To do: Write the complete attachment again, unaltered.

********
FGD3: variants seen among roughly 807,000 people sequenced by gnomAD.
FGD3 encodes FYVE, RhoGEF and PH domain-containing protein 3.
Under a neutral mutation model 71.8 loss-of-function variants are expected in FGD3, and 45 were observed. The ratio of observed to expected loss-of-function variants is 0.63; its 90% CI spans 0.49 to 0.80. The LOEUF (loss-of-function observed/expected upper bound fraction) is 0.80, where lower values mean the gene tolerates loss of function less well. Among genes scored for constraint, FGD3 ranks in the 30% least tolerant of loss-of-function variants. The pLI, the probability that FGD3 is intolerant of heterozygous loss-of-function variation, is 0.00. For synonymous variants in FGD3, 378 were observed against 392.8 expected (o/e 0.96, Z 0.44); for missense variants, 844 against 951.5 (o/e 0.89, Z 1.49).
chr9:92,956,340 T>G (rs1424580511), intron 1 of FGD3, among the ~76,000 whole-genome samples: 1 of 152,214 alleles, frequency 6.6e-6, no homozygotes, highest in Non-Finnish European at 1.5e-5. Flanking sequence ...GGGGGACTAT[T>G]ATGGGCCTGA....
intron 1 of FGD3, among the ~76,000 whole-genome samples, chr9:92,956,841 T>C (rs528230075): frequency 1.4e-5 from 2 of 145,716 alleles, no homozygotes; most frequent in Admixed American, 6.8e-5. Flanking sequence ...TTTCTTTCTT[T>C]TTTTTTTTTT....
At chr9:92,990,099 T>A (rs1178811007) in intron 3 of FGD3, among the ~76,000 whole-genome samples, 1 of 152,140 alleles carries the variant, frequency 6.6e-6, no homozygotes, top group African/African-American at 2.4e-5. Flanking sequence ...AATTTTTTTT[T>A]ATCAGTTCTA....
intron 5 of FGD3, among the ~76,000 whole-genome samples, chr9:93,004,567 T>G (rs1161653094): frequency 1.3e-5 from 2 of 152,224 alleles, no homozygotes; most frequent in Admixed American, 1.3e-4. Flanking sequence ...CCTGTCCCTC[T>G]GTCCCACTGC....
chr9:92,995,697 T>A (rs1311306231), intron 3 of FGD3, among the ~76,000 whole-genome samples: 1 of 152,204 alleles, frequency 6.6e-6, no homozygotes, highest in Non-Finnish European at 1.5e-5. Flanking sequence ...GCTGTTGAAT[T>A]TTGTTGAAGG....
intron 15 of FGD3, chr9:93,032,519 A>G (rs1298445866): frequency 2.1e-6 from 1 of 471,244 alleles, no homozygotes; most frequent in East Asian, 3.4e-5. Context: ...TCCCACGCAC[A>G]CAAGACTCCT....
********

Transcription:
FGD3: variants seen among roughly 807,000 people sequenced by gnomAD.
FGD3 encodes FYVE, RhoGEF and PH domain-containing protein 3.
Under a neutral mutation model 71.8 loss-of-function variants are expected in FGD3, and 45 were observed. The ratio of observed to expected loss-of-function variants is 0.63; its 90% CI spans 0.49 to 0.80. The LOEUF (loss-of-function observed/expected upper bound fraction) is 0.80, where lower values mean the gene tolerates loss of function less well. Among genes scored for constraint, FGD3 ranks in the 30% least tolerant of loss-of-function variants. The pLI, the probability that FGD3 is intolerant of heterozygous loss-of-function variation, is 0.00. For synonymous variants in FGD3, 378 were observed against 392.8 expected (o/e 0.96, Z 0.44); for missense variants, 844 against 951.5 (o/e 0.89, Z 1.49).
chr9:92,956,340 T>G (rs1424580511), intron 1 of FGD3, among the ~76,000 whole-genome samples: 1 of 152,214 alleles, frequency 6.6e-6, no homozygotes, highest in Non-Finnish European at 1.5e-5. Flanking sequence ...GGGGGACTAT[T>G]ATGGGCCTGA....
intron 1 of FGD3, among the ~76,000 whole-genome samples, chr9:92,956,841 T>C (rs528230075): frequency 1.4e-5 from 2 of 145,716 alleles, no homozygotes; most frequent in Admixed American, 6.8e-5. Flanking sequence ...TTTCTTTCTT[T>C]TTTTTTTTTT....
At chr9:92,990,099 T>A (rs1178811007) in intron 3 of FGD3, among the ~76,000 whole-genome samples, 1 of 152,140 alleles carries the variant, frequency 6.6e-6, no homozygotes, top group African/African-American at 2.4e-5. Flanking sequence ...AATTTTTTTT[T>A]ATCAGTTCTA....
intron 5 of FGD3, among the ~76,000 whole-genome samples, chr9:93,004,567 T>G (rs1161653094): frequency 1.3e-5 from 2 of 152,224 alleles, no homozygotes; most frequent in Admixed American, 1.3e-4. Flanking sequence ...CCTGTCCCTC[T>G]GTCCCACTGC....
chr9:92,995,697 T>A (rs1311306231), intron 3 of FGD3, among the ~76,000 whole-genome samples: 1 of 152,204 alleles, frequency 6.6e-6, no homozygotes, highest in Non-Finnish European at 1.5e-5. Flanking sequence ...GCTGTTGAAT[T>A]TTGTTGAAGG....
intron 15 of FGD3, chr9:93,032,519 A>G (rs1298445866): frequency 2.1e-6 from 1 of 471,244 alleles, no homozygotes; most frequent in East Asian, 3.4e-5. Context: ...TCCCACGCAC[A>G]CAAGACTCCT....